When writing academic papers, legal documents, or engaging in scholarly discussion, correctly citing the Constitution of the United States is crucial for clarity, accuracy, and respect for the source material. This guide outlines the essential steps and considerations for properly citing the U.S. Constitution in various citation styles, including the Modern Language Association (MLA), American Psychological Association (APA), Chicago Manual of Style (Chicago), and Bluebook formats.

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The U.S. Constitution

The U.S. Constitution is a foundational legal document, comprising seven articles that establish the framework of the federal government, its powers, and the relationship with the states and citizens. Additionally, there are 27 amendments, including the Bill of Rights, which consist of the first ten amendments.

The United States Constitution is a monumental document in American history and the broader history of democratic governance worldwide. Ratified in 1788, it succeeded the Articles of Confederation and Perpetual Union, aiming to create a stronger federal government while balancing power among its three branches: legislative, executive, and judicial.

The Constitution’s preamble sets forth its purpose: to establish justice, ensure domestic tranquility, provide for the common defense, promote the general welfare, and secure the blessings of liberty. These goals reflect the Founding Fathers’ vision for a new nation that values freedom, equality, and governance by the people.

The significance of the document lies not only in its establishment of the U.S. government’s structure but also in its embodiment of the principles of democracy and rule of law. It has inspired numerous nations worldwide in crafting their own constitutions and governance systems.

How to Cite The Constitution

There are a few general tips before citing, if you don’t know how to cite evidence. First, you need to identify the specific section. Clearly note the Article, Amendment, Section, and Clause you’re referencing. Second, using a trusted source is necessary for proper results. Access the Constitution from a reliable, scholarly source for accuracy.

MLA Style

In MLA style, you typically cite the Constitution by referring to it in the text of your paper. If you mention it in a works-cited list, you do not need to include a publication date or a publisher, as it is a well-known, historical document.

In-text citation: reference specific parts by using abbreviated forms, e.g., “Art. 1, Sec. 2, Cl. 3” for Article 1, Section 2, Clause 3.

How To Cite The Constitution

Works-cited entry (optional):

Constitution of the United States.” Constitutional Texts: The Constitution of the United States of America, edited by [Editor’s Name], [Publisher], [Year].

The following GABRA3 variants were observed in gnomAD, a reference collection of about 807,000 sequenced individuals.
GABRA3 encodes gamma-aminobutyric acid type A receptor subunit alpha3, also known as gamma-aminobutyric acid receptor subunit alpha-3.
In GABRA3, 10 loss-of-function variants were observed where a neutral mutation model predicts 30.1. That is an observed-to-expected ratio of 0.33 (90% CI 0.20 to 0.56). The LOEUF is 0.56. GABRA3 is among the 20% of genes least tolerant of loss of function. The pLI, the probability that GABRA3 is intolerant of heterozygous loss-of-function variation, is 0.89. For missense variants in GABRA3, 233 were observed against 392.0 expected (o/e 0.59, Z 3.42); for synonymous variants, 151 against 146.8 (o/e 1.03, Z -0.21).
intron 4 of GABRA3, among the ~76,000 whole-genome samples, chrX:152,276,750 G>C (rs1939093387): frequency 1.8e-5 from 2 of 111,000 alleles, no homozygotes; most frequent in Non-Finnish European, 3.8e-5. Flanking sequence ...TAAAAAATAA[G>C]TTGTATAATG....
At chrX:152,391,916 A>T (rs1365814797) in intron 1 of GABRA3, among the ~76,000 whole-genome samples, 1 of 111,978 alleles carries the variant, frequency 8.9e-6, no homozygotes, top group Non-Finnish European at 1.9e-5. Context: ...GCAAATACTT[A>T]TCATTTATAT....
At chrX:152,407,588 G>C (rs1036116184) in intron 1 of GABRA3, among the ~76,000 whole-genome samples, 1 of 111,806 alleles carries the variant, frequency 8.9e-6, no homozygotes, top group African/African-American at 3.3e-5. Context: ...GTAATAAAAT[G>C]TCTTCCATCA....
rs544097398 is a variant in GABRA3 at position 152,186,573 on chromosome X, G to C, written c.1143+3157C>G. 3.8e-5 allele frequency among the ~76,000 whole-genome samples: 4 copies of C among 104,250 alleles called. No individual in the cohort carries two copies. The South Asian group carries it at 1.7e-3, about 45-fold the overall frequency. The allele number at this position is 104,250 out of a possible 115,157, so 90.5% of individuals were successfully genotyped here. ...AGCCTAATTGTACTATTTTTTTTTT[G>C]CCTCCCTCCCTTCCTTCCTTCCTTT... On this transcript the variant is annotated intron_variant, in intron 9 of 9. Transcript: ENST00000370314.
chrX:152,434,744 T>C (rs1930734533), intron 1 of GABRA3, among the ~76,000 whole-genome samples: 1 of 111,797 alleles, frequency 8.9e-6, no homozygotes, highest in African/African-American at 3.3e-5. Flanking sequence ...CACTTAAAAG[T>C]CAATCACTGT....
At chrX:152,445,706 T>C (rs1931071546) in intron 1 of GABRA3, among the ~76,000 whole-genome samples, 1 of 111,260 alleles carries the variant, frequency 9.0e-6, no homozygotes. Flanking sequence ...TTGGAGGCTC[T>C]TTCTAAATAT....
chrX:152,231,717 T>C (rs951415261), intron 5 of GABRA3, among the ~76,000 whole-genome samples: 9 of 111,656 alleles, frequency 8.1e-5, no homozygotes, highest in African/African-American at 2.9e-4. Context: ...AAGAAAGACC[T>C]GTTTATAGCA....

APA Style

APA style typically does not require a citation in the reference list for the U.S. Constitution. Instead, refer to it in the text and provide details.

In-text citation: include the name, year, and specific section when you first mention it in the text.

How To Cite The Constitution

Chicago Manual of Style

Chicago style offers flexibility for citing historical documents like the Constitution, focusing on footnotes and endnotes, and is available in our law citation generator.

Note citation: in a note, mention the document part and use abbreviations for “article” (art.), “section” (sec.), and “amendment” (amend.).

How To Cite The Constitution

Bibliography entry (rarely required): similar to MLA, provide a full citation only if you’re working with a specific edition.

  • “Constitution of the United States.” In The Founding Documents of the United States of America, edited by [Editor’s Name], [pages]. [City]: [Publisher], [Year].

The Bluebook format is prevalent in legal documents and scholarly legal articles, focusing on precise references.

In-text citation: cite the Constitution in the text with abbreviations for “article” (art.), “section” (sec.), “amendment” (amend.), and include the year in parentheses.

How To Cite The Constitution


Properly citing the U.S. Constitution not only adheres to academic and legal standards but also shows respect for the foundational legal document of the United States. Each citation style has its nuances, so it’s essential to choose the appropriate one based on the context of your work and to consult the latest edition of the citation guide you’re following to ensure accuracy.


In legal documents, the Bluebook format requires you to cite the Constitution with specific abbreviations for articles (art.), sections (§), and amendments (amend.), along with the year in parentheses for historical documents. Example: U.S. Const. art. I, § 8, cl. 1 (1787).

Can I include the U.S. Constitution in the Works Cited page in MLA format?

Typically, you reference the Constitution in-text in MLA format and do not include it in the Works Cited page because it’s a widely known document. If you mention it, it should be through in-text citation, such as (U.S. Const., art. I, sec. 2, cl. 3).

Can the U.S. Constitution be changed?

Yes, the Constitution can be changed through the amendment process. Amendments can be proposed by a two-thirds majority in both the House of Representatives and the Senate or by a constitutional convention called for by two-thirds of state legislatures. To become effective, an amendment must be ratified by three-fourths of the states.

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